US immigration law dictates that foreign students can study at US colleges and universities under a student visa—after they graduate, their visas expire and they have to find a US employer to sponsor them for an H-1B visa. The H-1B visa system inherently poses a disadvantage for entrepreneurs, the system only allows for a once-per-year application process—in the form of a lottery—and the slots fill up quickly. On April 7, 2014, USCIS reported that it had secured its quota of 85,000 H-1B visa petitions only five days after it began receiving applications.

This is why the GER Program’s loophole is important: colleges and universities are immune to the cap and can submit applications for employers at any time. This means foreign graduates have a higher chance of obtaining a visa through the GER Program, and through employment with higher-education institutions, because these institutions are exempt from the cap.

The House bill proposed to devise a new category of startup visas for foreign entrepreneurs, while also raising the amount of H-1B visas accessible to immigrants with advanced degrees. While the Massachusetts program is yet to be funded, this is a great start for foreign graduates whom the US needs to retain!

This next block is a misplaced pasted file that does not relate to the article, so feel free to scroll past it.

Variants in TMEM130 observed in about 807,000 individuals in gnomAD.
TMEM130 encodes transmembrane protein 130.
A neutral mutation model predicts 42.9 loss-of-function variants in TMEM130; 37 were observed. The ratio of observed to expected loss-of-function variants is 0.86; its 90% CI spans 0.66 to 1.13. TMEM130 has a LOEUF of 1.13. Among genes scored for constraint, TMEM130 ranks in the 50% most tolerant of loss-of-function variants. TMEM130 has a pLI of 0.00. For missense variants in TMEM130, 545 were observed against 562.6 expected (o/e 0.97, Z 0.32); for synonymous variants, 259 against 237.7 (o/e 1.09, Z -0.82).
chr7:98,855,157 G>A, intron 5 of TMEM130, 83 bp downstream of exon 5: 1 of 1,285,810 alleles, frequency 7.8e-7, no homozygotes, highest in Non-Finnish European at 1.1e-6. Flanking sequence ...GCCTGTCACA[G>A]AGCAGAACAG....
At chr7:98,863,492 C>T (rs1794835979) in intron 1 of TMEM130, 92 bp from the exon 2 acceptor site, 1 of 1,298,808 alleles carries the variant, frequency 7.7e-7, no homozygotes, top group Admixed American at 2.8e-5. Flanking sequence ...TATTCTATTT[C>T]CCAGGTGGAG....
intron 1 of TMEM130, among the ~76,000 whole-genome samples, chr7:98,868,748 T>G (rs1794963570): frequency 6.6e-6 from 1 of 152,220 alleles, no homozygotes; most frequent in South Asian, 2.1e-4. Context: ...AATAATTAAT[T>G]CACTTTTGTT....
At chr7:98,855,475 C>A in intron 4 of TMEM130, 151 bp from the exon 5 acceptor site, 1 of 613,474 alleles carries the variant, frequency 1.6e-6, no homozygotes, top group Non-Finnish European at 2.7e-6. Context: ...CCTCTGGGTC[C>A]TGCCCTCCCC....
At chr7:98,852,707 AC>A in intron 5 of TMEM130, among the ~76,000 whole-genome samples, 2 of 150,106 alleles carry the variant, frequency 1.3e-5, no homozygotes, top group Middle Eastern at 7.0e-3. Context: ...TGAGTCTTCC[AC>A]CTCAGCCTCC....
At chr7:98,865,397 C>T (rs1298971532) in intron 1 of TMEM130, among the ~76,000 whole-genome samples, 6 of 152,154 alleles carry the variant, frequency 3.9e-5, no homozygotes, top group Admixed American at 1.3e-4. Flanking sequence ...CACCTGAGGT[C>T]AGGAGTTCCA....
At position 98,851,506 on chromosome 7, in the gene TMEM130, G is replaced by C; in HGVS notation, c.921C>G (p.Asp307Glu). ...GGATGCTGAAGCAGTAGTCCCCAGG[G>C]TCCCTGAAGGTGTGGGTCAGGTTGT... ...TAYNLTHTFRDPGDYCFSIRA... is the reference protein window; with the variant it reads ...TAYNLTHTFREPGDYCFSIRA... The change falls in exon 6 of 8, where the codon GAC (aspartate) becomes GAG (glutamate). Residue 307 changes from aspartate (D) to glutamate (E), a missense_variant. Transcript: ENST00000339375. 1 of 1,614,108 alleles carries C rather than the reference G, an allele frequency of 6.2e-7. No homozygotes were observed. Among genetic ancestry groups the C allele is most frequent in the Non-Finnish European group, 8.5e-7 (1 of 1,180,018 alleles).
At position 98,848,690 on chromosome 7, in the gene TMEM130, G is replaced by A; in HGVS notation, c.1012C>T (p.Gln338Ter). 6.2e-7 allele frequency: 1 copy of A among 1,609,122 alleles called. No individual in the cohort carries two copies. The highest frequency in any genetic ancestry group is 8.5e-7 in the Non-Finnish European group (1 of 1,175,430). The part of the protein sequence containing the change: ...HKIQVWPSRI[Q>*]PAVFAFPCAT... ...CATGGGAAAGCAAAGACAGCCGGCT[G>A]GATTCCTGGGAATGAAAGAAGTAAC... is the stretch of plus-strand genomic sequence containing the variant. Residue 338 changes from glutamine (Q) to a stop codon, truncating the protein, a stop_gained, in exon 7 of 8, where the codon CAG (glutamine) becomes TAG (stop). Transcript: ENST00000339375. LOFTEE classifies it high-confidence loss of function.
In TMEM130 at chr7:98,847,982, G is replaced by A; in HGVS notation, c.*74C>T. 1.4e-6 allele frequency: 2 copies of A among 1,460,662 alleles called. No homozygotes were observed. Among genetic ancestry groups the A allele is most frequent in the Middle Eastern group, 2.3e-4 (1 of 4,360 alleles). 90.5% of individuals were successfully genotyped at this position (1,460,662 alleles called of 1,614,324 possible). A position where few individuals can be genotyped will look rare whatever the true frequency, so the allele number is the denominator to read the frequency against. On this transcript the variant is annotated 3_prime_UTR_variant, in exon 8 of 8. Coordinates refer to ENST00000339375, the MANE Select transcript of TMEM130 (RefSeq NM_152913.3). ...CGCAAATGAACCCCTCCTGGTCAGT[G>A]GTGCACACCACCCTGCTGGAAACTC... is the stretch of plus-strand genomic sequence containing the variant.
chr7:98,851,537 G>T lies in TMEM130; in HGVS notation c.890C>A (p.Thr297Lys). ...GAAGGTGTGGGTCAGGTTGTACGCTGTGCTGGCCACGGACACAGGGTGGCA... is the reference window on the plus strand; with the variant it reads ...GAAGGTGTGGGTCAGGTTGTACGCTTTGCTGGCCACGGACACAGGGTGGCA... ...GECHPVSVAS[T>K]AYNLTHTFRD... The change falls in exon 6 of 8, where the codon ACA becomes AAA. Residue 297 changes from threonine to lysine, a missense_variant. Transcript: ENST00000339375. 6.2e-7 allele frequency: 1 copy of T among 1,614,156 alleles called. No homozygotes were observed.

See you in my next blog.

Nalini S Mahadevan, JD, MBA
Immigration Attorney St. Louis, Missouri
nsm@mlolaw.us

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The information is not meant to create a client-attorney relationship. This blog is for informational purposes only, and is not a substitute for legal advice. Situations may differ based on the facts.

Copyright 2014. All rights reserved.

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A Second Look at Comprehensive Immigration Reform

In February, I wrote about why comprehensive immigration reform has a chance to pass this year; now, it’s time to discuss how immigration reform can strengthen the US as a whole.

Immigration reform has heavy bipartisan support, spearheaded by President Obama and Republican Sen. Marco Rubio (FL). Sen. Rubio is a member of the “Gang of Eight”, the four Democrat and four Republican Senators who have introduced new immigration legislation to Congress — Rubio has also assumed the role of spokesperson for the pending bill in the Senate. The House is also sponsoring several other bills on immigration.

There are security and economic reasons for the US to reform its immigration policy, both of which will have a major impact on the US economy.

The Security Side and the Impact on Employers

Immigration reform is not going to happen without enhanced border security and metrics to measure the levels of security reached. Another measure of security to guarantee a legal workforce is to make both E-verify and Form I-9 compliance mandatory for all employers.  Senate has already earmarked $110 million dollars to these programs — employers should see new compliance regulations soon after a new immigration bill has passed.